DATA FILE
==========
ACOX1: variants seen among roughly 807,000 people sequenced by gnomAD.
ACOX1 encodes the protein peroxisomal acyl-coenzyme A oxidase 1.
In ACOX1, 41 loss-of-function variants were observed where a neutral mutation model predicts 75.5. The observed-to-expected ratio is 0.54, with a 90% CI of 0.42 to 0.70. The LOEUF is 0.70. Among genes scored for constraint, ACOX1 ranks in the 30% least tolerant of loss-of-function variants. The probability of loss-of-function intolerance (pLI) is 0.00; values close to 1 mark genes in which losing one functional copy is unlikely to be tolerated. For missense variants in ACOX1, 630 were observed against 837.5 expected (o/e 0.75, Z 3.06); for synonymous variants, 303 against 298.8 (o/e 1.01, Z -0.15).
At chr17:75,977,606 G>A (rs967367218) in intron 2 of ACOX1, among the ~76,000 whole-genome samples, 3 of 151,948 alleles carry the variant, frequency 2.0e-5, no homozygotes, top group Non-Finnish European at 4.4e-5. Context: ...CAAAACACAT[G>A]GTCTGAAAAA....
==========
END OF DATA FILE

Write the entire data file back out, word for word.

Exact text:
ACOX1: variants seen among roughly 807,000 people sequenced by gnomAD.
ACOX1 encodes the protein peroxisomal acyl-coenzyme A oxidase 1.
In ACOX1, 41 loss-of-function variants were observed where a neutral mutation model predicts 75.5. The observed-to-expected ratio is 0.54, with a 90% CI of 0.42 to 0.70. The LOEUF is 0.70. Among genes scored for constraint, ACOX1 ranks in the 30% least tolerant of loss-of-function variants. The probability of loss-of-function intolerance (pLI) is 0.00; values close to 1 mark genes in which losing one functional copy is unlikely to be tolerated. For missense variants in ACOX1, 630 were observed against 837.5 expected (o/e 0.75, Z 3.06); for synonymous variants, 303 against 298.8 (o/e 1.01, Z -0.15).
At chr17:75,977,606 G>A (rs967367218) in intron 2 of ACOX1, among the ~76,000 whole-genome samples, 3 of 151,948 alleles carry the variant, frequency 2.0e-5, no homozygotes, top group Non-Finnish European at 4.4e-5. Context: ...CAAAACACAT[G>A]GTCTGAAAAA....